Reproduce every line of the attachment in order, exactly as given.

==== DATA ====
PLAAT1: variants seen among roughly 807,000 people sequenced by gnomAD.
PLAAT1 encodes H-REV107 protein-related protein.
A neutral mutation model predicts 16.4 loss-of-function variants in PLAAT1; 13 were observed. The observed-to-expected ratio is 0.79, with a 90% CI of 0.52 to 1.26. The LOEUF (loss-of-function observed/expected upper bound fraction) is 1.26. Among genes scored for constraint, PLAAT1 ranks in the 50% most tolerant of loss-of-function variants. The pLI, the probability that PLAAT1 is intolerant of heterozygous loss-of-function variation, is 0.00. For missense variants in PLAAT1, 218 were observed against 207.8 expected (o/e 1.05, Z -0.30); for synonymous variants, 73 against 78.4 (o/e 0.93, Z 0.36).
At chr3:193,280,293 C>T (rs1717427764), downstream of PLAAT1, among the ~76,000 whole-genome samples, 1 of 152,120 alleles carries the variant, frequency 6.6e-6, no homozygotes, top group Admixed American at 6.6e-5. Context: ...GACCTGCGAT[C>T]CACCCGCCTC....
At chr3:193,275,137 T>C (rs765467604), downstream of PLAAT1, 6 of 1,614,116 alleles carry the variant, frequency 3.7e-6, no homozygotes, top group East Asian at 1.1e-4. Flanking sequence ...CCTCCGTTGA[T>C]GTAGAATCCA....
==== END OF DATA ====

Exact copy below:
PLAAT1: variants seen among roughly 807,000 people sequenced by gnomAD.
PLAAT1 encodes H-REV107 protein-related protein.
A neutral mutation model predicts 16.4 loss-of-function variants in PLAAT1; 13 were observed. The observed-to-expected ratio is 0.79, with a 90% CI of 0.52 to 1.26. The LOEUF (loss-of-function observed/expected upper bound fraction) is 1.26. Among genes scored for constraint, PLAAT1 ranks in the 50% most tolerant of loss-of-function variants. The pLI, the probability that PLAAT1 is intolerant of heterozygous loss-of-function variation, is 0.00. For missense variants in PLAAT1, 218 were observed against 207.8 expected (o/e 1.05, Z -0.30); for synonymous variants, 73 against 78.4 (o/e 0.93, Z 0.36).
At chr3:193,280,293 C>T (rs1717427764), downstream of PLAAT1, among the ~76,000 whole-genome samples, 1 of 152,120 alleles carries the variant, frequency 6.6e-6, no homozygotes, top group Admixed American at 6.6e-5. Context: ...GACCTGCGAT[C>T]CACCCGCCTC....
At chr3:193,275,137 T>C (rs765467604), downstream of PLAAT1, 6 of 1,614,116 alleles carry the variant, frequency 3.7e-6, no homozygotes, top group East Asian at 1.1e-4. Flanking sequence ...CCTCCGTTGA[T>C]GTAGAATCCA....